A granny annexe is a great way to keep your family close by, and gives all generations the opportunity to spend time with each other and help each other out. There are many things to consider before taking the plunge though, so it's important for both parties to think it all through.
There are several ways in which you can accommodate parents, whether that be a self-contained flat within your own home, a converted or newly built extension, or a standalone property in the garden. The chances are that you'll already have an idea of what might work best, particularly if you have a garage, attached or detached, or an outhouse that is ripe for conversion. Do think carefully about both the cost and the practicalities, however. For instance, a separate annex might work best if you both like your own space, while an attached conversion or extension could be the better option if your parent or parents require more care from yourself.
Whatever you choose to do, it's likely that you'll need to get planning permission if you are converting or building an annexe or granny flat. Remember that any garden building or outhouse that is going to be slept in will require planning permission, so do your homework before you start the process of conversion. If you're struggling to get the required permission, you may want to consider having your parent or parents live within your own home (provided you have the space), and converting the garden building into a home office or studio complete with toilet and a small kitchen, which eases pressure on the main house and will provide an opportunity for personal space when necessary!
Weigh up the pros and cons
As much as you love your parents, and they you, living in such close proximity can still be stressful, and it's important to think of both the advantages and the disadvantages before you make this big decision. If your relative is struggling to cope in their own home and needs day-to-day care, both you and they will benefit from living close by or within the same property via an extension, allowing you to be on-hand quickly if necessary. Where there is no need for a high level of care though, you may prefer not to be living in each other's pockets, or on the other side of the coin, your relatives may feel isolated if they are living in a separate annexe. That said, many enjoy having someone nearby for company, and it can be wonderful for both grandparents and grandchildren to be so close.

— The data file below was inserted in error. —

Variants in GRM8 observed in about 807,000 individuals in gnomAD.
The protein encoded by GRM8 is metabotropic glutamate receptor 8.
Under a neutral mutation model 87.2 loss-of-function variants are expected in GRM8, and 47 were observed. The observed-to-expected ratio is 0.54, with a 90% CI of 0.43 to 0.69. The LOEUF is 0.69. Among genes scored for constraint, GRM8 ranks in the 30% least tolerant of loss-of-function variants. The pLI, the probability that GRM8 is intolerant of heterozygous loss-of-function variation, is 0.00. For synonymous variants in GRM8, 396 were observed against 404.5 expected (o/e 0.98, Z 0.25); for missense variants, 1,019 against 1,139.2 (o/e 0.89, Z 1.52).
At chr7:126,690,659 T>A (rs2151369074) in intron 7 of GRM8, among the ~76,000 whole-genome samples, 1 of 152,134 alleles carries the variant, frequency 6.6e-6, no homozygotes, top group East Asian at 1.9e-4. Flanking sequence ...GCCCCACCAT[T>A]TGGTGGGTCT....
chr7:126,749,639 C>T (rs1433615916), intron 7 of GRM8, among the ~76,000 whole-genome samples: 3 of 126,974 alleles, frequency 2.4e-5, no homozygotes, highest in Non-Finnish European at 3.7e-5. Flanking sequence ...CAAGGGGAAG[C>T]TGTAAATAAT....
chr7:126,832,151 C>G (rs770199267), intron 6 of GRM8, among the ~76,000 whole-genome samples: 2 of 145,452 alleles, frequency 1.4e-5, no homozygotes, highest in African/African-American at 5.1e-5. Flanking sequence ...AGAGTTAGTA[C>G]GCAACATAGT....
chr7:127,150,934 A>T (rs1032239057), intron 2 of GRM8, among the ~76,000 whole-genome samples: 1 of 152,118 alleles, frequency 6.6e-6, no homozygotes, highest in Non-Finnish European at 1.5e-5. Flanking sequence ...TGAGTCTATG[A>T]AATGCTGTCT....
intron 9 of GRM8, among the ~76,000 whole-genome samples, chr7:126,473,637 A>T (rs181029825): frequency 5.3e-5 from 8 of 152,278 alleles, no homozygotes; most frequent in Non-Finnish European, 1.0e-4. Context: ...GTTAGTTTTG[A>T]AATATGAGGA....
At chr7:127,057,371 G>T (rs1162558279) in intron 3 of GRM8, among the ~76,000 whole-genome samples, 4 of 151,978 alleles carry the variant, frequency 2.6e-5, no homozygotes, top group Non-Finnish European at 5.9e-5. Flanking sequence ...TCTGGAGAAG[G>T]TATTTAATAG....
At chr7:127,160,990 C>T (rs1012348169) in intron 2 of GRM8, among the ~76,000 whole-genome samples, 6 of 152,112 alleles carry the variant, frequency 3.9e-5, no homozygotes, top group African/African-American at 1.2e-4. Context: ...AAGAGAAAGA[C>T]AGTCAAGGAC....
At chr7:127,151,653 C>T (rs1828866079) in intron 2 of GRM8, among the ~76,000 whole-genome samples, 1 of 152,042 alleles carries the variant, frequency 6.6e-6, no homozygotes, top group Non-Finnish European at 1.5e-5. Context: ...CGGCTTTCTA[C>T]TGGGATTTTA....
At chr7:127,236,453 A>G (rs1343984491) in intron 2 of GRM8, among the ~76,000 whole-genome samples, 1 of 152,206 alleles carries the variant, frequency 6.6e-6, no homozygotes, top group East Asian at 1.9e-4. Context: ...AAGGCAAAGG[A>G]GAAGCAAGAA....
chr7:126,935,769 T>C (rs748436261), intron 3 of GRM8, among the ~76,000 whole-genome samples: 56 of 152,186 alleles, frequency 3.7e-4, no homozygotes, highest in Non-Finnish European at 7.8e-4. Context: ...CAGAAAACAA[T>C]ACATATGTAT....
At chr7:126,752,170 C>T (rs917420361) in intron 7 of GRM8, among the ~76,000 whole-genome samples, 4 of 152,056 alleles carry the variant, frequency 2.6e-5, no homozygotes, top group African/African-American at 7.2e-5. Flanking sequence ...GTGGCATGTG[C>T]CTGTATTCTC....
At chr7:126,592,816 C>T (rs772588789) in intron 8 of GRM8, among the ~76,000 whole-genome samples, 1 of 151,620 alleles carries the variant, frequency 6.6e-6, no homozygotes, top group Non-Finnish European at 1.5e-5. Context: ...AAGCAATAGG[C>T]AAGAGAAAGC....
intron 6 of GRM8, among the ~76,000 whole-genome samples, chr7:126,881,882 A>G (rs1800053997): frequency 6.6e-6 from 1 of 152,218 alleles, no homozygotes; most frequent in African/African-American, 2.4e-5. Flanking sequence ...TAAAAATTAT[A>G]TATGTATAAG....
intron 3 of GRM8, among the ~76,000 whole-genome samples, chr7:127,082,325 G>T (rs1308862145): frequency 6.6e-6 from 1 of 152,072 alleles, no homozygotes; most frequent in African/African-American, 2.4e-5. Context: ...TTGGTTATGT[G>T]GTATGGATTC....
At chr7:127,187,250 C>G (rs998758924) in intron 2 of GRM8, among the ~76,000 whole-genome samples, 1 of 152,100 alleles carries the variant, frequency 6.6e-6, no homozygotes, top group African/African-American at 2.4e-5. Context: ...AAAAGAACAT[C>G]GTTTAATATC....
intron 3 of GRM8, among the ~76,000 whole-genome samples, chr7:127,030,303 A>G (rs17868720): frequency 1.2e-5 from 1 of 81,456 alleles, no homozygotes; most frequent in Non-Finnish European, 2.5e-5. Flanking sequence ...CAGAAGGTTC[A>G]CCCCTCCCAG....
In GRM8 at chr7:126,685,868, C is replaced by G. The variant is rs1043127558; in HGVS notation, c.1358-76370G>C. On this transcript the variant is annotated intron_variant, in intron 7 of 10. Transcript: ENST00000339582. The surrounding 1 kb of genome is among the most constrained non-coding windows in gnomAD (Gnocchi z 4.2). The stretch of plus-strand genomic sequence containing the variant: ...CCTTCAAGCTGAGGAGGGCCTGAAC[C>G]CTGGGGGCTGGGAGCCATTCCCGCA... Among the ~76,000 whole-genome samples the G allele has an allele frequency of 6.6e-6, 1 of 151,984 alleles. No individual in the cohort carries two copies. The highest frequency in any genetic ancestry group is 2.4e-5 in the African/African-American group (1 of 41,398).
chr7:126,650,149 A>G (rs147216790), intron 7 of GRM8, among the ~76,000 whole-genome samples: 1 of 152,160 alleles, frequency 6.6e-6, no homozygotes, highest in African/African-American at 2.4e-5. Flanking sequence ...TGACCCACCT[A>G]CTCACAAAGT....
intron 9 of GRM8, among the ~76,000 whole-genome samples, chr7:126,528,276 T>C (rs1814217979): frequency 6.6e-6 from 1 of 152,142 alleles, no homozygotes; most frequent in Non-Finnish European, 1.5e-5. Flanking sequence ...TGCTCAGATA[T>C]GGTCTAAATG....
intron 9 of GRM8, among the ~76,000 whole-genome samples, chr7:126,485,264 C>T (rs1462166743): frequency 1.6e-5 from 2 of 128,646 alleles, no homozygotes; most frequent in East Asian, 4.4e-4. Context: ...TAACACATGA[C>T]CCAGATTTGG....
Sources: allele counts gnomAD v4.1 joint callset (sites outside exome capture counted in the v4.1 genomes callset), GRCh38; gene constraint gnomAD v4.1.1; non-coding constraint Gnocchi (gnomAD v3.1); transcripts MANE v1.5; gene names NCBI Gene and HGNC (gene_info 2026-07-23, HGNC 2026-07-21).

Remember too that it could be a long-term commitment - if you want to move, finding another property that can accommodate you all is a much tougher proposition. The pros and cons will, of course, vary depending on your personal situation and relationship, but it's wise for both parties to sit down and think about what suits best before coming to an agreement about the best options for both.
Talk it through
Some families can live happily all together in the one house, but others need a much higher level of privacy. Once you've made the decision to build or convert an annexe, sit down together and lay down a few ground rules. You may not, for instance, like the idea of simply being able to walk in and out of each other's homes willy-nilly. Many find that setting aside specific evenings or times to enjoy a meal together or a coffee together works well, but it is often best to discuss each other's expectations as to privacy and together time. Provided you are all on the same page, it can be a wonderful way to stay close to your family, take care of each other, and enjoy each other's company.
Have you built or converted a granny annexe for your relatives? What advice would you give to others considering their options? Leave your comments below...